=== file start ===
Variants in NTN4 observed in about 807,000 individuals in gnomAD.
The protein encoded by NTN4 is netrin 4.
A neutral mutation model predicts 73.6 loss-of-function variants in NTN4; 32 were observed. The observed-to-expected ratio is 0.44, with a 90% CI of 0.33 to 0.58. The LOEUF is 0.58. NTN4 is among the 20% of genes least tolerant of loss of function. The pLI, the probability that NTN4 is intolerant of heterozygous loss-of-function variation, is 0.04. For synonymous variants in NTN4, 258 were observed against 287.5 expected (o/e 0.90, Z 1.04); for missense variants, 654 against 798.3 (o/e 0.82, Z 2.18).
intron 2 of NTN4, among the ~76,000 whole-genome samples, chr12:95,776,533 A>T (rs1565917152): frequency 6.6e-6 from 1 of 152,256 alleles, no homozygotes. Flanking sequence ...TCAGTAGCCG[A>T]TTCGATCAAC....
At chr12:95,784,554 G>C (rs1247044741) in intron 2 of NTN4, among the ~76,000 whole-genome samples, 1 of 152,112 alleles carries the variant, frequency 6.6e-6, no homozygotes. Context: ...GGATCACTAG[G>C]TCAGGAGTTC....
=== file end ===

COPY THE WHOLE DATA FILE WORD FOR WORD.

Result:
Variants in NTN4 observed in about 807,000 individuals in gnomAD.
The protein encoded by NTN4 is netrin 4.
A neutral mutation model predicts 73.6 loss-of-function variants in NTN4; 32 were observed. The observed-to-expected ratio is 0.44, with a 90% CI of 0.33 to 0.58. The LOEUF is 0.58. NTN4 is among the 20% of genes least tolerant of loss of function. The pLI, the probability that NTN4 is intolerant of heterozygous loss-of-function variation, is 0.04. For synonymous variants in NTN4, 258 were observed against 287.5 expected (o/e 0.90, Z 1.04); for missense variants, 654 against 798.3 (o/e 0.82, Z 2.18).
intron 2 of NTN4, among the ~76,000 whole-genome samples, chr12:95,776,533 A>T (rs1565917152): frequency 6.6e-6 from 1 of 152,256 alleles, no homozygotes. Flanking sequence ...TCAGTAGCCG[A>T]TTCGATCAAC....
At chr12:95,784,554 G>C (rs1247044741) in intron 2 of NTN4, among the ~76,000 whole-genome samples, 1 of 152,112 alleles carries the variant, frequency 6.6e-6, no homozygotes. Context: ...GGATCACTAG[G>C]TCAGGAGTTC....